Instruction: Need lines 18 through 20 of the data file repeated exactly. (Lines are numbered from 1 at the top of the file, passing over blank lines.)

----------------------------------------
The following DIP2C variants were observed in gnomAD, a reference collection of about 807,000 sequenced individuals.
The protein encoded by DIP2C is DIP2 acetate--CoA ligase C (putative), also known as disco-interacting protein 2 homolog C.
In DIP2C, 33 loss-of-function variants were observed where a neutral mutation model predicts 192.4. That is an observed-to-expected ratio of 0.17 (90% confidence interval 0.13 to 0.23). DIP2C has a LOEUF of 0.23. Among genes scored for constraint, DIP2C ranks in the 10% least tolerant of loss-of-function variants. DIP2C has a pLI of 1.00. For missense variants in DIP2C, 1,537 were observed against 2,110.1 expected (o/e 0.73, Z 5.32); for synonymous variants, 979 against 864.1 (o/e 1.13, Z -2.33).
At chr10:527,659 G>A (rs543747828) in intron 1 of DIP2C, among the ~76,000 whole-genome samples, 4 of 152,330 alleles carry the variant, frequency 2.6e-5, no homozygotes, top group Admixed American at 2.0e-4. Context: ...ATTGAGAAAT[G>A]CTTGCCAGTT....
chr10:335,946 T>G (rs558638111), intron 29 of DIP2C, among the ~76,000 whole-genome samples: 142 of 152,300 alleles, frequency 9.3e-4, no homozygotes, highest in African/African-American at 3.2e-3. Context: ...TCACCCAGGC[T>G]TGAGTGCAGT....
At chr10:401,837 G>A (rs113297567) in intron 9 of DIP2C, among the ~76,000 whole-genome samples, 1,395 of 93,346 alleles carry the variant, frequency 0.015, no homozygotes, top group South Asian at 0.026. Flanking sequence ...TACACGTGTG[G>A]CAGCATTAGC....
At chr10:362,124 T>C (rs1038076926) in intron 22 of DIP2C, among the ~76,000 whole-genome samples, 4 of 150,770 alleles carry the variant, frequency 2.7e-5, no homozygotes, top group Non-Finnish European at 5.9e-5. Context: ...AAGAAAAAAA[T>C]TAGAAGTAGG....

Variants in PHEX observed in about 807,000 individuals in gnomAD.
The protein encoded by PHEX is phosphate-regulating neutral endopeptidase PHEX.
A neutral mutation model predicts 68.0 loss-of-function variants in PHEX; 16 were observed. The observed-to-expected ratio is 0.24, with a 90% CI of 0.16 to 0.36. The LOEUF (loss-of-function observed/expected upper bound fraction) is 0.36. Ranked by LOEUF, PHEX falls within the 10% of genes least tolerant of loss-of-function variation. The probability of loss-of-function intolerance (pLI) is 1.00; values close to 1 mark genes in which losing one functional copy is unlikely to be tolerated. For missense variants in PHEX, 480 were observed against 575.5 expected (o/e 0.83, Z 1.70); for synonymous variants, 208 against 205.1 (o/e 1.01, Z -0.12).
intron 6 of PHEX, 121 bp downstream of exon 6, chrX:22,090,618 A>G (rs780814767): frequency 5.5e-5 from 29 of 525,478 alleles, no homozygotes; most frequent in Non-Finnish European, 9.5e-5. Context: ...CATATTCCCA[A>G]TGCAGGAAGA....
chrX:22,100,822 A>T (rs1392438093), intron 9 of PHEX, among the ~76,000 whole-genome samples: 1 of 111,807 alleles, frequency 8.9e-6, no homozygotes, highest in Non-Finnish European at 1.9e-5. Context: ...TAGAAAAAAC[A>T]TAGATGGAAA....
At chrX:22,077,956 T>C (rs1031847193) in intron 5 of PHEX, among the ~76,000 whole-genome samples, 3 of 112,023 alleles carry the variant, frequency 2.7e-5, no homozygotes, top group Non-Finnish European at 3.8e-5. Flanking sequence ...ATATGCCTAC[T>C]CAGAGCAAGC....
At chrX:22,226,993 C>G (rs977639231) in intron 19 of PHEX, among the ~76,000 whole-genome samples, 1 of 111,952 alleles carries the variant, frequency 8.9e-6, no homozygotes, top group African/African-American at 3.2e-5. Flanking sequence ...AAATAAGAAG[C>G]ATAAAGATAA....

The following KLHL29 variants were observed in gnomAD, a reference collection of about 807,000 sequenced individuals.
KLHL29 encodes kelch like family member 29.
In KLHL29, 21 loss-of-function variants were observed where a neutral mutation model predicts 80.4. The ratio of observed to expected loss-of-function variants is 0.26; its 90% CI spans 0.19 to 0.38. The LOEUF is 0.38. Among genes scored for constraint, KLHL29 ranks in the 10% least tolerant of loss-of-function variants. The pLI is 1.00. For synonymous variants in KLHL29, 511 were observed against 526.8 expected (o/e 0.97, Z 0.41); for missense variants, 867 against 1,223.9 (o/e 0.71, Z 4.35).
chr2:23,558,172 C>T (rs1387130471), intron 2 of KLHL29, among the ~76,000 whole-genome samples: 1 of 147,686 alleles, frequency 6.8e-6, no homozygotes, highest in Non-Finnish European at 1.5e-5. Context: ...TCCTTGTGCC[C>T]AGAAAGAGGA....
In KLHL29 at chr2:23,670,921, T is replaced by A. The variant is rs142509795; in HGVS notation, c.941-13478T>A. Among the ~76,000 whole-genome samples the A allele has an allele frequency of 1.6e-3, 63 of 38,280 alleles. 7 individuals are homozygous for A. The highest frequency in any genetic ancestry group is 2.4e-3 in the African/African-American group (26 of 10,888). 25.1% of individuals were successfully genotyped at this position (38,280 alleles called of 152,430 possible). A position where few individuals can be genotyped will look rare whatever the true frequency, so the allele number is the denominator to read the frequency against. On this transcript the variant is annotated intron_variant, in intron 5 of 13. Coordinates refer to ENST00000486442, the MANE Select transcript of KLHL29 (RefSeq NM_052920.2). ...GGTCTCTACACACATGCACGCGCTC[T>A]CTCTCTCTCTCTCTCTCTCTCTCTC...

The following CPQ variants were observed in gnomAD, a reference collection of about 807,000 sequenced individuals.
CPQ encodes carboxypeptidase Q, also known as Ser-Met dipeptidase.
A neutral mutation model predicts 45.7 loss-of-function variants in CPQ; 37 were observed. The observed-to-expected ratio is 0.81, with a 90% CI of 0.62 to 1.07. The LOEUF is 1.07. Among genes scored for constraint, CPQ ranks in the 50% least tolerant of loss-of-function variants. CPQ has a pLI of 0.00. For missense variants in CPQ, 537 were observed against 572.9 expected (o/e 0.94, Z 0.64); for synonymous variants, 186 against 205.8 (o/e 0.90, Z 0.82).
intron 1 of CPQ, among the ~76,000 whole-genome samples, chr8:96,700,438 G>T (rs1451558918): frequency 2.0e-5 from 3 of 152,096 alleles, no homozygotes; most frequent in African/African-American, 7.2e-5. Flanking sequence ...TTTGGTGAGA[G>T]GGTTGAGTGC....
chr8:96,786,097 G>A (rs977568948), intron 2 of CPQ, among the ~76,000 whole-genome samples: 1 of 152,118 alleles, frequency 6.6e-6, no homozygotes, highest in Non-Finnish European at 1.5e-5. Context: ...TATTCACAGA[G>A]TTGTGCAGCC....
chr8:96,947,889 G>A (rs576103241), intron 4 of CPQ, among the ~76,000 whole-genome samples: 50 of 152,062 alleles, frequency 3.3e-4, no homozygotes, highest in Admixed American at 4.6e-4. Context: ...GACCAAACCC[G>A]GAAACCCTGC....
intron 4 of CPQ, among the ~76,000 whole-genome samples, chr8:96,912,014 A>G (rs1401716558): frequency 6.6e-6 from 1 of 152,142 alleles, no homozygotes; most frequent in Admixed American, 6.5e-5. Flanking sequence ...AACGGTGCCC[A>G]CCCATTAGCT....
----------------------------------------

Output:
chr2:23,558,172 C>T (rs1387130471), intron 2 of KLHL29, among the ~76,000 whole-genome samples: 1 of 147,686 alleles, frequency 6.8e-6, no homozygotes, highest in Non-Finnish European at 1.5e-5. Context: ...TCCTTGTGCC[C>T]AGAAAGAGGA....
In KLHL29 at chr2:23,670,921, T is replaced by A. The variant is rs142509795; in HGVS notation, c.941-13478T>A. Among the ~76,000 whole-genome samples the A allele has an allele frequency of 1.6e-3, 63 of 38,280 alleles. 7 individuals are homozygous for A. The highest frequency in any genetic ancestry group is 2.4e-3 in the African/African-American group (26 of 10,888). 25.1% of individuals were successfully genotyped at this position (38,280 alleles called of 152,430 possible). A position where few individuals can be genotyped will look rare whatever the true frequency, so the allele number is the denominator to read the frequency against. On this transcript the variant is annotated intron_variant, in intron 5 of 13. Coordinates refer to ENST00000486442, the MANE Select transcript of KLHL29 (RefSeq NM_052920.2). ...GGTCTCTACACACATGCACGCGCTC[T>A]CTCTCTCTCTCTCTCTCTCTCTCTC...

The following CPQ variants were observed in gnomAD, a reference collection of about 807,000 sequenced individuals.